Athletics. They are running athletics here under powers delegated by the
State to the Board of Regents and by them delegated to the Athletic Board.
Of course, there is no harm in merely speculating as to why. Maybe
the last football season was not sufficiently lucrative to warrant the expen-
diture of $377.73 for fencing. Some football salaries, according to report are
increased, which is only right and proper since football supports the rest
of the athletic program. Maybe the University Golf Course takes up a good
deal of money, or its construction has. Maybe the stadium bonds are taking
up a good deal of money.
Anyway, it is quite amazing that the Board, which does business in
the thousands of dollars, cannot afford to continue fencing, although I
never did present fencing as the most exciting of intercollegiate sports to
watch nor tout it as a spectacle in a class with the gladatorial combats of
ancient Rome.
But that is the Board's business, and the squad is agitating for rein-
statement. Coach Johnstone has made no statements, and it is probably
the part of yours truly to do the same.

Ice Squad To
Pucksters Prepare For The
First Conference Came
On Friday
The Wolverine hockey squad, after
breaking even with Michigan Col-
lege of Mines in two games last Fri-
day and tSaturday, returned to the
home rink late yesterday and im-
mediately started intensive practice
in preparation for the opening Con-
ference tilts against Minnesota Fri-
day and Saturday on the Gophers'
The Michigan sextet lost the first
of the two-game series against the
Houghton skaters when the Wolver-
ine defense let up in the last five
minutes of the last period, allowing
Olson, star defense man, to score
three unassisted goals after the
Maize and Blue had piled up a 4-2
Olson's first goal of this last-min-
ute scoring spree was a long shot
from beyond the red line thatno
one saw. The unexpected counter
temporarily demoralized the Wolver-
ine defense and before they could
get set again, he had counted twice
more to give the Miners a 5-4 vic-
tory. It was the Wolverines' first
defeat in five games.
On the following night, the Mich-
igan sextet played a more cautious
game and, aided by an unassisted
goal by Avon Artz, accounted for
their fifth win of the season, 1-0.
Capt. George David and Artz were
the outstanding players in both
games. The Wolverine center is a
rapidly improving hockey player, ac-
cording to Coach Lowrey, gaining a
confidence with every game.
Johnny Jewell, Wolverine goalie,
turned in an excellent performance
on Saturday night, blanking the
Tech team for his first shutout of
the season.
Both games drew the largest crowd
ever to see a hockey contest in the
Upper Peninsula, the teams playing
to capacity crowds in the two tilts.
The longest run from scrimmage is
credited to Willys Terry, of Yale,
who covered 115 yards against Ohio
Wesleyan in 1884.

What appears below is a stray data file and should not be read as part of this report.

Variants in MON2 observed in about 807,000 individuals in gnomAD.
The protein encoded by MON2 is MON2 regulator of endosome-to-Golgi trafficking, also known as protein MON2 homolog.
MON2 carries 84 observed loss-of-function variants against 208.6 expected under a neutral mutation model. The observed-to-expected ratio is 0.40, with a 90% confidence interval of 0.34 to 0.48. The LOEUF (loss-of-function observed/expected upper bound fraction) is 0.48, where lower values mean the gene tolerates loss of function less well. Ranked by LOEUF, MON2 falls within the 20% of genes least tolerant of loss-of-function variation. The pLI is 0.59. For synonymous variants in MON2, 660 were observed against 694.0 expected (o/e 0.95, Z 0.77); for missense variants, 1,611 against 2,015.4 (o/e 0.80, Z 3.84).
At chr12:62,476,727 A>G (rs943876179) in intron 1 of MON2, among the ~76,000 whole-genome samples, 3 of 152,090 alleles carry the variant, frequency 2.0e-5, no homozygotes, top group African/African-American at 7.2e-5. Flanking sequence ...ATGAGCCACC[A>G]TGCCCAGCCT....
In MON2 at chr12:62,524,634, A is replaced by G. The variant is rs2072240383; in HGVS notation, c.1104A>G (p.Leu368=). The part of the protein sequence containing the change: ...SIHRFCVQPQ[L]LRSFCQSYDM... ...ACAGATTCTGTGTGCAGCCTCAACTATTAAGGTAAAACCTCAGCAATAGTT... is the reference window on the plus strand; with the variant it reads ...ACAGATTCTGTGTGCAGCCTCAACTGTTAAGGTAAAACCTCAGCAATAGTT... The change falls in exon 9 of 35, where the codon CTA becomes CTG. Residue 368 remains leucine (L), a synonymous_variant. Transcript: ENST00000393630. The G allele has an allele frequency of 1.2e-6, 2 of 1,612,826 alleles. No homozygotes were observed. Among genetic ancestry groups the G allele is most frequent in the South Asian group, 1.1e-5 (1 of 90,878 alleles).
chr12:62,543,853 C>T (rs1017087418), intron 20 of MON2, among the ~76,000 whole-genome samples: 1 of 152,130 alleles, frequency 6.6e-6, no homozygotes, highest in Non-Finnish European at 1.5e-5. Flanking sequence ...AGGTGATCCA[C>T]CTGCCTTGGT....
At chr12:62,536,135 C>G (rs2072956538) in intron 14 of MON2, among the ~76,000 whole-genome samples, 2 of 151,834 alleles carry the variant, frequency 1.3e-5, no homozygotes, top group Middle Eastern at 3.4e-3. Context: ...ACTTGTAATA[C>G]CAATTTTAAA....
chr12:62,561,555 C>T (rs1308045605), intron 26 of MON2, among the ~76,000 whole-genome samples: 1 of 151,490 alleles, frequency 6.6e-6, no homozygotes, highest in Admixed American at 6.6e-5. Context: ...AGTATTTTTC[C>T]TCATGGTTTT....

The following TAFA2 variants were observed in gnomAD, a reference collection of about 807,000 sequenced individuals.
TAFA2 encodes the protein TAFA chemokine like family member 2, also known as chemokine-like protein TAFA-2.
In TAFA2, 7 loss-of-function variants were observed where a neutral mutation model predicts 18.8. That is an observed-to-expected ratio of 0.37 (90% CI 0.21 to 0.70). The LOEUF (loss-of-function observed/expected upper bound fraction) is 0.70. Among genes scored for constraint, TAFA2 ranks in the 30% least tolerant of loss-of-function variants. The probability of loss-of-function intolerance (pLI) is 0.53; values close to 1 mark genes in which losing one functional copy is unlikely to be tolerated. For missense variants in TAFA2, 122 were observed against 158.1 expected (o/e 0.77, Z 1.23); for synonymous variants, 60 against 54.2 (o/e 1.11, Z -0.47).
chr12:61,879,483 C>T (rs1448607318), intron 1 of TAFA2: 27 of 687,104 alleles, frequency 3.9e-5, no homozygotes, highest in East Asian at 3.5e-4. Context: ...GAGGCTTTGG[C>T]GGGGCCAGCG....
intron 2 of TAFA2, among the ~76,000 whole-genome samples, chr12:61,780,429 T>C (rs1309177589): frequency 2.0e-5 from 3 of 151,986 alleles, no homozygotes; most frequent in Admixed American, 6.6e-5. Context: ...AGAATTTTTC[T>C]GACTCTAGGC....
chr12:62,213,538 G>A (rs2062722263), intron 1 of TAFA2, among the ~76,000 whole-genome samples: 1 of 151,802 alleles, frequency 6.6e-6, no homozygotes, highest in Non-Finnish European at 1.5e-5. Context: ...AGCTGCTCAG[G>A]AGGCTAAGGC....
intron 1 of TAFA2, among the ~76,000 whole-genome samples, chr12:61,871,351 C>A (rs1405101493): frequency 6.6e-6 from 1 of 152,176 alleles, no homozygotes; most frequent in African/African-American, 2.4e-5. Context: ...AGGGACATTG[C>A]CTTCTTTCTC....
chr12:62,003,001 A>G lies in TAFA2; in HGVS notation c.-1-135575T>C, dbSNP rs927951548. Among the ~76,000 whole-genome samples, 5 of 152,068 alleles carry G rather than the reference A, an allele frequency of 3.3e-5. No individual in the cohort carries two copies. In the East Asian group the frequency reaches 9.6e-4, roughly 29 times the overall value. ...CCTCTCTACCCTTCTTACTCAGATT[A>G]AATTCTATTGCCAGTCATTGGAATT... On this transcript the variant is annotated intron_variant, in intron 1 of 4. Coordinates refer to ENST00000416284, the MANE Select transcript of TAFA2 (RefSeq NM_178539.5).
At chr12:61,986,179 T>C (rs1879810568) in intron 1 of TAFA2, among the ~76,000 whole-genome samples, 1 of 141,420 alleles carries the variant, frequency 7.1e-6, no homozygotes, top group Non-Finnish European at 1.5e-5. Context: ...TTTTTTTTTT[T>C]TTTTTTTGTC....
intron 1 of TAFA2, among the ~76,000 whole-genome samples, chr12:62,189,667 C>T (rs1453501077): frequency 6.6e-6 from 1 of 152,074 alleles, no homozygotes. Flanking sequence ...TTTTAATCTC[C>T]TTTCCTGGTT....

Faculty members desiring to
enter handball (singles and dou-
bles), tennis and squash tourna-
ments phone 22101, Intramural

Michigan Golf Star
Given Position On
Walker cup Team
Michigan's great golfer, Johnny
Fischer, '34, varsity. golf captain-
elect, who has reigned supreme dur-
ing his two years of college competi-
tion, winning the individual Big Ten
championships in '32, and '33, and
the coveted title of United States in-
tercollegiate champion in his sopho-
more year, '32, has been awarded the
highest recognition open to an am-
ateur golfer in this country. He has
been ceded a position on the U. S.
Walker Cub team, which will embark
for England during the latter part
of April, where it will vie with a
picked squad of British amateurs.
Johnny began his golfing career as
a caddy in his home town, Cincin-
nati. He portrayed the first evidences
of his present dexterity when he won
the city junior title at the age of
fourteen. He repeated the following
year. Two years later, the youth en-
tered the University of Michigan, who
was destined to lead her to the rank-
ing position in Big Ten golf circles
during the past two years.
Aside from collegiate competition,
Johnny has achieved nation-wide
fame by virtue of his efforts in the
National Open and National Amateur
tournaments. In 1932, his second sea-
son of 'big league' golfing, he was
the second low amateur medalist in
the National Open, trailing Good-
man, last year's Open champion. The
same year, participating in the Na-
tional Amateur at Baltimore, Johnny
was low medalist, shooting a remark-
able 132 for 36 holes to tie the record
held jointly by Bobby Jones and
Cockran. Last summer, he broke the
record at Cincinnati.
Johnny will leave school - at the
close of the current semester. Ordi-
narily, he would graduate in June,
'34, but as his invasion of the British
Isles necessitates a temporary depar-
ture from school, he will return in

h -a
I ~l 117^-



&$J ush

Play in the badminton tournament
has so far progressed to the third
round. All entrants are urged to see
to playing off their scheduled match-
es as soon as possible, as in all like-
lihood the tourney's semi-final and
final rounds may have, to be played
off in odd hours during the exam-

ination period, according to Miss Hil-
da Burr, faculty sponsor of the bad-
minton matches.
Hours at which the gym is at the
disposal of the competitors are
carded as follows: Monday, 4:15 to
6 p. m.; Wednesday, 10 to 11 a. m.
and 1 to 4 p. m.; Saturday, 8 to 11
a. mn.

$21.95 to $29.95
$21.95 to $29.95
$5.95 to $7.45
$1.45 to $1.95
HOSE. 60c to 80c
$4.95 to $7.95



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D. B. TUXEDOES $35 to $65